WILMINGTON, Mass. () - Warm weather is a most welcome sign of summer, especially in regions that have experienced a harsh winter. However, workers who are exposed to rising temperatures on the job, outdoors, or in hot indoor environments are at risk for several heat-related illnesses, ranging from heat rash and heat cramps to heat exhaustion and heatstroke.
When a person works in a hot environment, the body must get rid of excess heat to maintain a stable internal temperature. If it cannot, it will store the heat, the body's core temperature rises, and the heart rate increases. This can lead to loss of concentration, difficulty focusing, irritability, nausea, fainting, and even death if the person is not cooled down.
According to data provided by the Occupational Safety and Health Administration (OSHA), every year thousands of workers in the U.S. become sick from occupational heat exposure, and according to the Centers for Disease Control and Prevention approximately 618 people die. These illnesses and deaths can often be prevented by putting the right types of safeguards in place.
Dressing properly, including selecting garments with built-in moisture management technology and breathability, is one of the easiest and best ways for businesses to help protect their workers from heat-related illnesses. "Advanced fabrics that wick moisture away from the skin and help keep workers cool, dry, and comfortable all day are great options," says Adam Soreff, director of marketing and communications at UniFirst Corporation (NYSE: UNF), a North American leader in providing businesses with customized work uniform programs, corporate attire, and facility service products. "Innovations such as poly/cotton mesh knits, lightweight fabrics, and workwear designed with built-in ventilation panels are also great choices for working in warm weather. A customized work uniform program is a smart solution for businesses who want to outfit workers with the right types of garments that will provide optimal protection from the potential health risks associated with working in the heat."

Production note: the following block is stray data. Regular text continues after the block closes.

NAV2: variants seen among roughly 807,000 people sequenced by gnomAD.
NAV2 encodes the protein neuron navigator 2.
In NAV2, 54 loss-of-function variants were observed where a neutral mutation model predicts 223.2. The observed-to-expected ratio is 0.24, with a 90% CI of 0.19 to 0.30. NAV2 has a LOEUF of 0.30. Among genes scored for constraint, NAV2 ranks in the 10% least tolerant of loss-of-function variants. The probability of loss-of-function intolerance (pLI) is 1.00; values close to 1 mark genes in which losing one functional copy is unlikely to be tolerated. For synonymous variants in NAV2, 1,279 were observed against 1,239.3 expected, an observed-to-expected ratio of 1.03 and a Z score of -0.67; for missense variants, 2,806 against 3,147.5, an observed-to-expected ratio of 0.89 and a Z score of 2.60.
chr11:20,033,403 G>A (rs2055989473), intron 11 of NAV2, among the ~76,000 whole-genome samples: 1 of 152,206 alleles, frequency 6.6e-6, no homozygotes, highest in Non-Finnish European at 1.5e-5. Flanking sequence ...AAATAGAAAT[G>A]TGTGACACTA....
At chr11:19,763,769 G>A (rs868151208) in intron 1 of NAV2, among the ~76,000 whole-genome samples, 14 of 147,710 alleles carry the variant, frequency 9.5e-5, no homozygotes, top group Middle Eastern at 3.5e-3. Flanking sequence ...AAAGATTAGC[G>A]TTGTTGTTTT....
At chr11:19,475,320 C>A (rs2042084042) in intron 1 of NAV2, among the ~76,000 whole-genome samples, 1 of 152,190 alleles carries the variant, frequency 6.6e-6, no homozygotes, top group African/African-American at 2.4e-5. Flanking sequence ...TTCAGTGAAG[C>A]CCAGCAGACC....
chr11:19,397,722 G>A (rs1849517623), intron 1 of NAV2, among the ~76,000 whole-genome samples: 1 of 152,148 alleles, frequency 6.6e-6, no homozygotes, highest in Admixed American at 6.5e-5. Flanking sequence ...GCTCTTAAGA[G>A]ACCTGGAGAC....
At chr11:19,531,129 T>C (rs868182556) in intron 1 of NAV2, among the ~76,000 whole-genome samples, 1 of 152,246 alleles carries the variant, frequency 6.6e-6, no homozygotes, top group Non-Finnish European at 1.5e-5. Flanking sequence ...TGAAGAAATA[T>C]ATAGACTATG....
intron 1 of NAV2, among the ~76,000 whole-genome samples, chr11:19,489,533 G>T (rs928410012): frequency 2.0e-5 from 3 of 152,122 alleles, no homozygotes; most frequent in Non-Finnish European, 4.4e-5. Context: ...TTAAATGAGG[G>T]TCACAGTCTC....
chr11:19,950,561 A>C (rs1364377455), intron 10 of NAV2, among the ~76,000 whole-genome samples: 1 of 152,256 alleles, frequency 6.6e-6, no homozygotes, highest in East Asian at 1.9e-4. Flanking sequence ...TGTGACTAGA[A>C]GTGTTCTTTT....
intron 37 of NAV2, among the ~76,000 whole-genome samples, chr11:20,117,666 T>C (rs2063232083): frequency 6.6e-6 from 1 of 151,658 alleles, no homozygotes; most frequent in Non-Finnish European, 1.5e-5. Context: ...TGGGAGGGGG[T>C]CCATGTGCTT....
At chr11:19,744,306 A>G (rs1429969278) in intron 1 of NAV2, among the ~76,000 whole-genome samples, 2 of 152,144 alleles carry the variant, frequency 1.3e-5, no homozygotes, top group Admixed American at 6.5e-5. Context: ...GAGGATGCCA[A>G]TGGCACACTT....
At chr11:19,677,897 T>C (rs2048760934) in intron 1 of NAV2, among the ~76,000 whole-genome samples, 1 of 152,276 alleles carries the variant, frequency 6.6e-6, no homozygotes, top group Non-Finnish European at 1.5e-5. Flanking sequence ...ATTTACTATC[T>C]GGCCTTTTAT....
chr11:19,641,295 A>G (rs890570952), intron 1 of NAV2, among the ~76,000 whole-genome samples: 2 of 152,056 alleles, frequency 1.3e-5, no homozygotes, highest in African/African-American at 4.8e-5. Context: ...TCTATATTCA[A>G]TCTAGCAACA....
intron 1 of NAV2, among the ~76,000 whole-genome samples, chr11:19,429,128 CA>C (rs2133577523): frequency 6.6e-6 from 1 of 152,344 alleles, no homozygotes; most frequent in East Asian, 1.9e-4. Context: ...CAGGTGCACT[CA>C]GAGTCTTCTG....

Here are 10 tips for businesses to consider, many of which are endorsed by OSHA, to help keep workers safe from rising temperatures and other seasonal conditions.
- Wear loose fitting clothing. Flowing garments allow air circulation close to the body, which helps keep the body cool and dry.
- Select clothing with fabrics that are lightweight and moisture wicking. Look for clothing, such as 100-percent spun polyester, that is quick-drying with built-in moisture management technology for maximum breathability and comfort.
- Choose clothing with built-in ventilation. Clothing constructed with lightweight, mesh fabric offers superior breathability and comfort.
- Wear light-colored clothing. Dark colors absorb heat. Wearing light-colored garments help reflect light and heat, and will help maintain a normal body temperature.
- Cover as much skin as possible. When outdoors, workers should wear long sleeves and pants constructed of lightweight fabric and loose-fitting designs to help protect the skin against permanent damage from the sun, while providing breathability and air flow.
- Wear a well-vented hat. Since the head quickly absorbs heat, wearing a hat with ventilation will create a barrier from the sun, protecting the head, face, and neck.
- Protect the eyes. Wearing sunglasses when working outdoors will help reduce glare on the eyes and protect them from the sun's damaging rays.
- Look for protective garments that are breathable. At-risk workers who must wear protective garments that can often be heavy and constricting, should seek out garments that combine the highest level of protection with light-weight fabrics to help keep workers cool and comfortable.
- Don't forget the sunscreen. Pay attention to any exposed skin that is not covered by work clothing, such as hands, neck, and ears. Use a broad-spectrum sunscreen on these areas to protect against both UVA and UVB rays.
- Take plenty of breaks and stay hydrated. It's important that workers take regular breaks and drink plenty of fluids while doing their job in extreme heat, especially outdoors.
Although working in warm weather poses many challenges, following these tips and participating in a managed employee uniform program can help businesses protect their workers against heat-related illnesses so they are able to stay safe and productive on the job.
Headquartered in Wilmington, Mass., UniFirst Corporation (NYSE: UNF) is a North American leader in the supply and servicing of uniform and workwear programs, as well as the delivery of facility service programs. Together with its subsidiaries, the company also provides first aid and safety products, and manages specialized garment programs for the cleanroom and nuclear industries. UniFirst manufactures its own branded workwear, protective clothing, and floorcare products, and with 250 service locations, over 300,000 customer locations, and 14,000 employee Team Partners, the company outfits nearly 2 million workers each business day. For more information, contact UniFirst at 800.455.7654 or visit unifirst.com.
68 Jonspin Rd.
Wilmington, MA 01887